27 November 2013

The badgers have now been in their new home for 4 weeks. They appear to have had a quiet night, with first and last recordings made at 19:14 and 20:39. However, one of the cameras is playing up despite showing that the batteries are ok, so they might well have been out longer. The first video showed an empty dish with the cover already knocked off. (The cameras can be a bit tempermental and guzzle batteries at quite a rate. I plan to get rechargeable batteries.)

They seemed a little lethargic, almost absent minded. One ambled around near the sett for quite a while (20 mins) as if it couldn't decide what to do. It wasn't showing any sign of nervousness, just, well, laziness--and perhaps a lack of hunger. Whereas cubs and young badgers stick together a great deal adults usually wander off and feed on their own. At this time of the year badgers don't go further than they need to; their home range is smaller in winter. A pair of eyes in the distance suggested both were out.

One dish was placed a bit further away again to lure the badgers in the right direction each night (toward a field on the edge of the wood), with the camera facing the direction of the sett. The first duly appeared from behind the camera, suggesting some wandering off the track.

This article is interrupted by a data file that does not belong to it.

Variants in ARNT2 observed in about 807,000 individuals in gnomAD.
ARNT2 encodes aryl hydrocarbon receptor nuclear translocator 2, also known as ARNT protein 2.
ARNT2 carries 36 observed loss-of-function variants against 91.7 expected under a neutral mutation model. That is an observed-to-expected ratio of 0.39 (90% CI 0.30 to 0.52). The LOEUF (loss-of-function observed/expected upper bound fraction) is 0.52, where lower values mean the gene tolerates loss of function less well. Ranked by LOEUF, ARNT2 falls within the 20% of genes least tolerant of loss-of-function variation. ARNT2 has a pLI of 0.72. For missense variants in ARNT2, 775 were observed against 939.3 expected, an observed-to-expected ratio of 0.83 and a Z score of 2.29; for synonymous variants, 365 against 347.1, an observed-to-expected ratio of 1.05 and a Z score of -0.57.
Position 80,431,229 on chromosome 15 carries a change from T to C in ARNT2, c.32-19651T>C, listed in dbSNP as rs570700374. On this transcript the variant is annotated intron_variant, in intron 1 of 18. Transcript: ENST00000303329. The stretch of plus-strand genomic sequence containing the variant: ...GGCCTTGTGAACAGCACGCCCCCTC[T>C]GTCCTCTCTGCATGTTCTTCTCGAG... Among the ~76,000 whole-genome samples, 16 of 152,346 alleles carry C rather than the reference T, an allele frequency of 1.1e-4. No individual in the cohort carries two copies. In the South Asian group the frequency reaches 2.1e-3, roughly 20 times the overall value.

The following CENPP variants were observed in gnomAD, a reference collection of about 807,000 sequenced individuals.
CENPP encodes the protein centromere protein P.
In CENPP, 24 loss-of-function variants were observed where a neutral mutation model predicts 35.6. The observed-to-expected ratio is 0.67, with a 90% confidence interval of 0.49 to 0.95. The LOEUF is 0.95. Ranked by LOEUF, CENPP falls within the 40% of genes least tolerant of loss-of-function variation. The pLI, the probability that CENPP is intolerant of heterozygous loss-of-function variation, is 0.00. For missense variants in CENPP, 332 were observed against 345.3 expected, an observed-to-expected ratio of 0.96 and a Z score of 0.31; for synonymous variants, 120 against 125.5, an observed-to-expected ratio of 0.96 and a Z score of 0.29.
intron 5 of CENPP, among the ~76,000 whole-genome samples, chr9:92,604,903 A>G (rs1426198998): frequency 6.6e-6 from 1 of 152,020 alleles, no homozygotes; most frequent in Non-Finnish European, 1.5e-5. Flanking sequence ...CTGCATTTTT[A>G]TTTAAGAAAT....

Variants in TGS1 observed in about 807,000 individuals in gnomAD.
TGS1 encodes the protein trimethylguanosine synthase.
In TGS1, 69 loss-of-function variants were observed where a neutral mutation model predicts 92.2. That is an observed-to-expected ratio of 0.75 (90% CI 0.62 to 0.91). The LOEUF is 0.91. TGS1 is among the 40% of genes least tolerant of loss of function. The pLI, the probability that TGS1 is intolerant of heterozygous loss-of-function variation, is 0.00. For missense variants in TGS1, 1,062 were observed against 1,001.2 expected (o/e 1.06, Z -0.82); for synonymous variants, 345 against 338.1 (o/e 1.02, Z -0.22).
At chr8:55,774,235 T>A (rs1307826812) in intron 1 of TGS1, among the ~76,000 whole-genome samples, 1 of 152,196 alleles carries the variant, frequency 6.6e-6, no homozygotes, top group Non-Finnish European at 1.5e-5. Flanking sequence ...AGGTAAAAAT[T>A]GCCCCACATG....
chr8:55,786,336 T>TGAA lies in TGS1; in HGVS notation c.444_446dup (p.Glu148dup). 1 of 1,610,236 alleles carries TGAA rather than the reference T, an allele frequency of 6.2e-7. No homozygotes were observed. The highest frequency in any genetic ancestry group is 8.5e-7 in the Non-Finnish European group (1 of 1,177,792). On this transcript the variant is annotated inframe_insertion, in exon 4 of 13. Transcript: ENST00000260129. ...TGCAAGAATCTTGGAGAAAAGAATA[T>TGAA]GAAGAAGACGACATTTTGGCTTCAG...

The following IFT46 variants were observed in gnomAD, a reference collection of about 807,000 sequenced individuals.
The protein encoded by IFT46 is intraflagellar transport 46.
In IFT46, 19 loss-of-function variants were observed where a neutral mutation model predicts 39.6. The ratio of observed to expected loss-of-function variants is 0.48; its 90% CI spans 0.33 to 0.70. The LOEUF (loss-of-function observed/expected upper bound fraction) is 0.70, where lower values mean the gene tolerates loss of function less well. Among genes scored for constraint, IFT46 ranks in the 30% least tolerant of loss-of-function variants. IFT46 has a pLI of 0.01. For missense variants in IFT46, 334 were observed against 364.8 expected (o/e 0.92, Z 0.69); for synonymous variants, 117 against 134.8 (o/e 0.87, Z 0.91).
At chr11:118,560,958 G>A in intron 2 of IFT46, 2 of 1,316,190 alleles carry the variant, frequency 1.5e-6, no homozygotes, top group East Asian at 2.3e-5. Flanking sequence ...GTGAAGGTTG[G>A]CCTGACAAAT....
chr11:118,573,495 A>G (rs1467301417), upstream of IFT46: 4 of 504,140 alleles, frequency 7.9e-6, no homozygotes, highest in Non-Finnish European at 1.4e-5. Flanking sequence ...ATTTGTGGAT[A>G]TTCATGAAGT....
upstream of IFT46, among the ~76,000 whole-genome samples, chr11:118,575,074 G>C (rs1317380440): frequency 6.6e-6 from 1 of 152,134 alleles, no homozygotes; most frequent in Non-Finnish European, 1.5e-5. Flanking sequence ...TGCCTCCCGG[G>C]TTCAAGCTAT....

Their latrine near the sett, inside what was their enclosure, is now abandoned. I haven't come across the new one yet. This will mark the edge of their territory and declare their existence to any passing badgers. There are no occupied setts nearby but badgers do pass through the wood now and then and one was killed on the road not so far away a year ago. (The recession, with a large reduction in the movement of vehicles on the roads at night, has been good for badgers). Sooner or later they will encounter other badgers.

How a badger knocks the cover off a dish: easily! Here a quail is taken away. Badgers don't normally get quail regularly, but they do eat carrion, including any dead birds they encounter.